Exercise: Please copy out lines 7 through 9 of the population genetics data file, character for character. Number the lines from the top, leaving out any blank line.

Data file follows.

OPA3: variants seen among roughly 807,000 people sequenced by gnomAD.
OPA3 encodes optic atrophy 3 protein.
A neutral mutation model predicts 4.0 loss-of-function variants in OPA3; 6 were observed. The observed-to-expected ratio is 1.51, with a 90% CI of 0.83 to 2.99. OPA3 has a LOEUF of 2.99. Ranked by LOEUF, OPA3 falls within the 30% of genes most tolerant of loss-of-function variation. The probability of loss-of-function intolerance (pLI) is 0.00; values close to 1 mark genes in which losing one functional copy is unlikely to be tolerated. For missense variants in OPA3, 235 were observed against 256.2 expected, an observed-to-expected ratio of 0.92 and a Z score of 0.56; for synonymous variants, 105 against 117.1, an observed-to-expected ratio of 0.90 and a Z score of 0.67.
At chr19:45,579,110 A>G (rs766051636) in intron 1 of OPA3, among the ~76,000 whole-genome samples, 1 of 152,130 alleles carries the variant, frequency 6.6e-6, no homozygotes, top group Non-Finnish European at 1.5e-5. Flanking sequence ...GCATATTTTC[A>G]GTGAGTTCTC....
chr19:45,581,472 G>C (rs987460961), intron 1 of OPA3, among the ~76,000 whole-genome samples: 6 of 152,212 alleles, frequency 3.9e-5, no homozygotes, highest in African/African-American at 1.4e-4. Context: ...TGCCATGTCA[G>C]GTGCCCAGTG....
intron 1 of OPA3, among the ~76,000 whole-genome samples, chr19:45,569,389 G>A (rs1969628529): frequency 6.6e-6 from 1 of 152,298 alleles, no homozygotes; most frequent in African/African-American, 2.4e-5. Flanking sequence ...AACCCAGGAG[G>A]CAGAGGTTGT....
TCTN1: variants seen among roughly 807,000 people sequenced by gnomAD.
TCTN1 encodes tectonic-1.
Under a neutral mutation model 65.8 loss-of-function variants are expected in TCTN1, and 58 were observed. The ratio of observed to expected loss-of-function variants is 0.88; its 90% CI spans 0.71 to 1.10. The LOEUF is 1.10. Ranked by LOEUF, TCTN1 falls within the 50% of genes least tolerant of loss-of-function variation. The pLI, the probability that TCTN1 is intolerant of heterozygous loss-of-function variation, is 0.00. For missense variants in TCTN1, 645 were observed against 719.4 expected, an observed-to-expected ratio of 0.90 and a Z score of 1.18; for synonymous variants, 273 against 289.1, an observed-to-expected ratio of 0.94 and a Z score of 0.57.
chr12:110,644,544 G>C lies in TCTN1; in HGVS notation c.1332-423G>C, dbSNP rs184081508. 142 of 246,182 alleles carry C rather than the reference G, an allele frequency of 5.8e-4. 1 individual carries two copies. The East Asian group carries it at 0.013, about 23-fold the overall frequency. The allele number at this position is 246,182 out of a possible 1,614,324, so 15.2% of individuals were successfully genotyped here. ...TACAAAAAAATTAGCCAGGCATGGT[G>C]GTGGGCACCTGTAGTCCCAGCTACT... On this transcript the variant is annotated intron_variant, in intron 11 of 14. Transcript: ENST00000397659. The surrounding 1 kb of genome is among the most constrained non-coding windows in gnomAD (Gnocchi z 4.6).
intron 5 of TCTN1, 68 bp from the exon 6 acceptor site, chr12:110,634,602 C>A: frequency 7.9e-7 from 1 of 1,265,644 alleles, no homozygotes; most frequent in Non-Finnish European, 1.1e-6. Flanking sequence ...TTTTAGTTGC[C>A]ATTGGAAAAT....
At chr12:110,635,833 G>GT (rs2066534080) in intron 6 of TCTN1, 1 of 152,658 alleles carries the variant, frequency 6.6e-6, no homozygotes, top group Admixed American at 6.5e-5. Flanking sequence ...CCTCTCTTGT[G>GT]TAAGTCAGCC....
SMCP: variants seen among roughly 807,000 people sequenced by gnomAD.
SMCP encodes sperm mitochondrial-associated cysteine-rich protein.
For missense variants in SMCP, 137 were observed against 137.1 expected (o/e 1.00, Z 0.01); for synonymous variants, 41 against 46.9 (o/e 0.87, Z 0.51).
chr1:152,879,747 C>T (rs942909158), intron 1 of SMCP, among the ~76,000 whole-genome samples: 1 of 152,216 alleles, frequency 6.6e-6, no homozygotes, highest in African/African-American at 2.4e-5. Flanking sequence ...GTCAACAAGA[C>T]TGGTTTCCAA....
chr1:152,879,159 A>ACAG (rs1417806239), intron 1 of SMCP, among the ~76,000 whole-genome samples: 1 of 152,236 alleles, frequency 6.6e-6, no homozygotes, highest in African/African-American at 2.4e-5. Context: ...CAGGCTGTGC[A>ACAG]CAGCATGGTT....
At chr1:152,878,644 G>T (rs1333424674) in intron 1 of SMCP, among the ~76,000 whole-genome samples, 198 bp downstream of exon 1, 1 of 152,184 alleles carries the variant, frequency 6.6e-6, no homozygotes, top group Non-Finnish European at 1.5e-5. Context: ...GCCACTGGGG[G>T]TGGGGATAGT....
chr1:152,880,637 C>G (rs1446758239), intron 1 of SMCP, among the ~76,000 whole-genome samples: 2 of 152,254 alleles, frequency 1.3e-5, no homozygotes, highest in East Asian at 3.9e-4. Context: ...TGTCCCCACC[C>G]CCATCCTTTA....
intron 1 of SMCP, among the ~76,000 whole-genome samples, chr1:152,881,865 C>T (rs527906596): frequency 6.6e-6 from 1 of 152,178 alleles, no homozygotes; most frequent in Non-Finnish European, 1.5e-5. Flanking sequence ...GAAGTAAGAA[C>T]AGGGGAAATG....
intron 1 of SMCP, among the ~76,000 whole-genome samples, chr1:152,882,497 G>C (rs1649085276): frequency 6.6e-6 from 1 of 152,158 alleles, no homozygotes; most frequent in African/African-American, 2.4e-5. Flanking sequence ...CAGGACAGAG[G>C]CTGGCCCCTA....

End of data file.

TCTN1: variants seen among roughly 807,000 people sequenced by gnomAD.
TCTN1 encodes tectonic-1.
Under a neutral mutation model 65.8 loss-of-function variants are expected in TCTN1, and 58 were observed. The ratio of observed to expected loss-of-function variants is 0.88; its 90% CI spans 0.71 to 1.10. The LOEUF is 1.10. Ranked by LOEUF, TCTN1 falls within the 50% of genes least tolerant of loss-of-function variation. The pLI, the probability that TCTN1 is intolerant of heterozygous loss-of-function variation, is 0.00. For missense variants in TCTN1, 645 were observed against 719.4 expected, an observed-to-expected ratio of 0.90 and a Z score of 1.18; for synonymous variants, 273 against 289.1, an observed-to-expected ratio of 0.94 and a Z score of 0.57.